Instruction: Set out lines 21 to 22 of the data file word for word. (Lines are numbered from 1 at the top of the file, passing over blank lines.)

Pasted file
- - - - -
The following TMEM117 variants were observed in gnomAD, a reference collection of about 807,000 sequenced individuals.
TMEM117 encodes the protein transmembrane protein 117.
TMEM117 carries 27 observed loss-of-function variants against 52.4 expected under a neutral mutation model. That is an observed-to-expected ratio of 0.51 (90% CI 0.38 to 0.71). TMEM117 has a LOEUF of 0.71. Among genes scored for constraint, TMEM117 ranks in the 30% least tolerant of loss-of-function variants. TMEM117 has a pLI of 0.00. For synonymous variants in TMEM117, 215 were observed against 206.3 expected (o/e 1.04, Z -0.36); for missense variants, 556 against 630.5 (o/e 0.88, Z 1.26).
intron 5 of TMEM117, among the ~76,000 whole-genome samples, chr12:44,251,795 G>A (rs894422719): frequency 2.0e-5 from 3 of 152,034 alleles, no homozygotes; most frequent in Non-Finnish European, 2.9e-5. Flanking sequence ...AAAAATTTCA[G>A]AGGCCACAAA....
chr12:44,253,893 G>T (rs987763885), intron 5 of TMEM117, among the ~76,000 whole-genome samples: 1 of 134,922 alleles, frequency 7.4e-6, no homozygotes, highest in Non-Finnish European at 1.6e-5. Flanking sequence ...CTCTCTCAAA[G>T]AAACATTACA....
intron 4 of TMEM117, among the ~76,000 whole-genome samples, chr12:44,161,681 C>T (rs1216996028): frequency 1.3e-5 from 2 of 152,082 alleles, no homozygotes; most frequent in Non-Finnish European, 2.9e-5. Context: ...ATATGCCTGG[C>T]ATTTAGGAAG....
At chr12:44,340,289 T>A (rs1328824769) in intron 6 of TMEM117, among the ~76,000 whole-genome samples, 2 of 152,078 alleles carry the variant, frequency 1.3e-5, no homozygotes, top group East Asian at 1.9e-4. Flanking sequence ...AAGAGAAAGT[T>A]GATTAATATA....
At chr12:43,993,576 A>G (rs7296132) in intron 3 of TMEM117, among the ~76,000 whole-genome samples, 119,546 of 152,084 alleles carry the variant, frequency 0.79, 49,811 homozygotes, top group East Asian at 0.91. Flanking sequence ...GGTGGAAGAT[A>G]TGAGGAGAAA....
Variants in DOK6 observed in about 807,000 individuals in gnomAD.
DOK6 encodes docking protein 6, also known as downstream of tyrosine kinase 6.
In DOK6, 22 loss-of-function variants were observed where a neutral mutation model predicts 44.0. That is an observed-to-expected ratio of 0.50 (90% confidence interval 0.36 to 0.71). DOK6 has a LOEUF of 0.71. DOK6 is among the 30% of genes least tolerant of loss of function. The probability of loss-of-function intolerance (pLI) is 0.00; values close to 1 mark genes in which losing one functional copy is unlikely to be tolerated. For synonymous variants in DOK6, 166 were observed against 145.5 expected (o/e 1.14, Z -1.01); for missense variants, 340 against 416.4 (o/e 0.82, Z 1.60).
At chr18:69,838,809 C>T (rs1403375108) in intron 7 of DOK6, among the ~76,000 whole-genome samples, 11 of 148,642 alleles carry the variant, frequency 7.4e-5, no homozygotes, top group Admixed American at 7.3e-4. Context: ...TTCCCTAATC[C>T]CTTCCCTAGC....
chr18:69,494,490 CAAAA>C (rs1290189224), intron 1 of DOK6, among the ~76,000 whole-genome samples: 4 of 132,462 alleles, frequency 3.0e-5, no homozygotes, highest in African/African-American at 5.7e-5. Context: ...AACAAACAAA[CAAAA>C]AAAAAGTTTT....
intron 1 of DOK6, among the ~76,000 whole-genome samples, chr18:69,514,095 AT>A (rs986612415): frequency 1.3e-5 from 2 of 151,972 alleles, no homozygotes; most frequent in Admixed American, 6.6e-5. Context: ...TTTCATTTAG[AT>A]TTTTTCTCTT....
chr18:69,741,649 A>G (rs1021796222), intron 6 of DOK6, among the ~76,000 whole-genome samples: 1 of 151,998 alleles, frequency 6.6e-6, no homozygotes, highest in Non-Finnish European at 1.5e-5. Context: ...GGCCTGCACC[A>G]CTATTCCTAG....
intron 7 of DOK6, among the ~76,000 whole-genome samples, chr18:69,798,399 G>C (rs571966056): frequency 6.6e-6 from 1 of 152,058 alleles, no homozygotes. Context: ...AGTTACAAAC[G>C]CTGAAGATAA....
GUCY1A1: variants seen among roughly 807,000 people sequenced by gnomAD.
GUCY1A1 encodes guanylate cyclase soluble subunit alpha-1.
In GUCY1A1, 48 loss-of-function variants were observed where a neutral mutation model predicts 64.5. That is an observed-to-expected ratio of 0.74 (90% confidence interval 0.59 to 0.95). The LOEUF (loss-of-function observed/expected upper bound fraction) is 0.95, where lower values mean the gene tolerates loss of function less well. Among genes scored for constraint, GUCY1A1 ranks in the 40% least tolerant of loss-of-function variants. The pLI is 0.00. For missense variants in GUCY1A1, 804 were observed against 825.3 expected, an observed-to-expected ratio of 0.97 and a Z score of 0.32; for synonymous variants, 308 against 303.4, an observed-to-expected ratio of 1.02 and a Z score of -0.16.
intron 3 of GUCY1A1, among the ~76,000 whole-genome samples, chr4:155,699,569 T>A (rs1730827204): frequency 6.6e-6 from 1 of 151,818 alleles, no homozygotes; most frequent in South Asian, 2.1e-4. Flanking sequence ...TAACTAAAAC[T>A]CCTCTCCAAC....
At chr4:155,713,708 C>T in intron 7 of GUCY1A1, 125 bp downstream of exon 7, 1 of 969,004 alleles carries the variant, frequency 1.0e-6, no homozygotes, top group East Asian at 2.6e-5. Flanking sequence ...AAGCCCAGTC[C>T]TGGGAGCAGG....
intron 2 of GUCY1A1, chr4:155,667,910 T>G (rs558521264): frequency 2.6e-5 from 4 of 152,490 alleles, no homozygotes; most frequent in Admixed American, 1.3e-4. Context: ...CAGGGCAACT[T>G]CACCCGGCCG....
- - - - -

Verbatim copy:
At chr4:155,713,708 C>T in intron 7 of GUCY1A1, 125 bp downstream of exon 7, 1 of 969,004 alleles carries the variant, frequency 1.0e-6, no homozygotes, top group East Asian at 2.6e-5. Flanking sequence ...AAGCCCAGTC[C>T]TGGGAGCAGG....
intron 2 of GUCY1A1, chr4:155,667,910 T>G (rs558521264): frequency 2.6e-5 from 4 of 152,490 alleles, no homozygotes; most frequent in Admixed American, 1.3e-4. Context: ...CAGGGCAACT[T>G]CACCCGGCCG....